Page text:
Wednesday, February 26, 2014
Writing for Slate, Eric Posner has a look at the dispute between China and Japan over who ownes the the Senkaku/Diaoyu Islands. The short article has a great passage about the relationship between property and power:
The international law that governs territorial disputes favors Japan. When no one occupies or controls a piece of territory, it is deemed terra nullius (“land belonging to no one”). That was the status of the islands before 1895. The ancient Chinese texts do not establish Chinese control. A typical example is a diplomatic record from 1534 that says, “The ship has passed Diaoyu Island.” The ship was carrying a Chinese official, but passing by an island and calling it Diaoyu does not establish sovereignty. A country does that by showing it has seized a territory through an official act and then exerted control over it or that its government has controlled it as long as anyone can remember. Since China did not control the islands before 1895, Japan had the right to seize them. It then lawfully maintained sovereignty over them by ruling them. [...]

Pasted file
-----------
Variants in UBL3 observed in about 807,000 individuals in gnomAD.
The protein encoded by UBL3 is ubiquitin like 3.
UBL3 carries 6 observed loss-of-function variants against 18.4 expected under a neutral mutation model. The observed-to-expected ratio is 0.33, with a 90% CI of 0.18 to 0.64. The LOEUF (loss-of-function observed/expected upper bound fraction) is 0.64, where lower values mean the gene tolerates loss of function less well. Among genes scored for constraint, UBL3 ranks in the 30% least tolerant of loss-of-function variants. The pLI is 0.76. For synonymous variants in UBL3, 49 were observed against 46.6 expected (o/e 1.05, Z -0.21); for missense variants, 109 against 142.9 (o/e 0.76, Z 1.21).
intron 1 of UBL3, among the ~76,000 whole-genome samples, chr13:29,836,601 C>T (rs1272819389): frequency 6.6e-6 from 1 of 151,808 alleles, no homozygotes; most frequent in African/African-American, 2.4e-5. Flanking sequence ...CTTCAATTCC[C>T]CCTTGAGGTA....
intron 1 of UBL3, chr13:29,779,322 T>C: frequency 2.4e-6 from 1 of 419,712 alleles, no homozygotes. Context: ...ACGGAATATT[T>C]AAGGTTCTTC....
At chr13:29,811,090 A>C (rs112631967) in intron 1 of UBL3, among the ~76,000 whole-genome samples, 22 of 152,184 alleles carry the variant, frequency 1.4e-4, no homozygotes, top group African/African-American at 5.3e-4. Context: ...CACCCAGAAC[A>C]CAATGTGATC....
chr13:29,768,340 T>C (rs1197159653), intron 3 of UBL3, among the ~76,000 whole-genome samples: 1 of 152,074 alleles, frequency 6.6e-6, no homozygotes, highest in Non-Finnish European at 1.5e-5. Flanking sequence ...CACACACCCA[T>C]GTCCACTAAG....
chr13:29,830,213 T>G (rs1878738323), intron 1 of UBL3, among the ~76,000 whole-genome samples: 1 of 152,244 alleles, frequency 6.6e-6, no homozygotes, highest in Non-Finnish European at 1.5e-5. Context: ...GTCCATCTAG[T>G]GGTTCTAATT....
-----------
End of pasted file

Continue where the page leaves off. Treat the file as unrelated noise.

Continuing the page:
And yet that’s hardly the last word on the matter. The rules of international law to which both sides appeal embody the power relationships that existed at the time of their emergence centuries ago. At that time, the great powers raced around the world claiming territories that were either unoccupied or occupied by native tribes. With a lot of territory to snap up, it made sense for them to implicitly agree not to contest one another’s conquests so that they could all concentrate on seizing the areas that were up for grabs. This raised some significant questions. Could one seize an entire continent by placing a flag on a tiny piece of it? Could one conquer an island by sailing by it and putting it on a navigation chart? To the contrary, the rough norms that evolved required more significant control—perhaps a post office or a military garrison. This ensured that a country could own territory only if it was powerful enough to control it.
In 1895, Japan was on the cusp of great-power status, while China was beset by internal turmoil and foreign pressures. Japan could control the islands; China could not. Now China has the upper hand and is unhappy with the 19th-century division of spoils. Why should it go along with territorial allocations that result from rules that favored strong nations a century ago?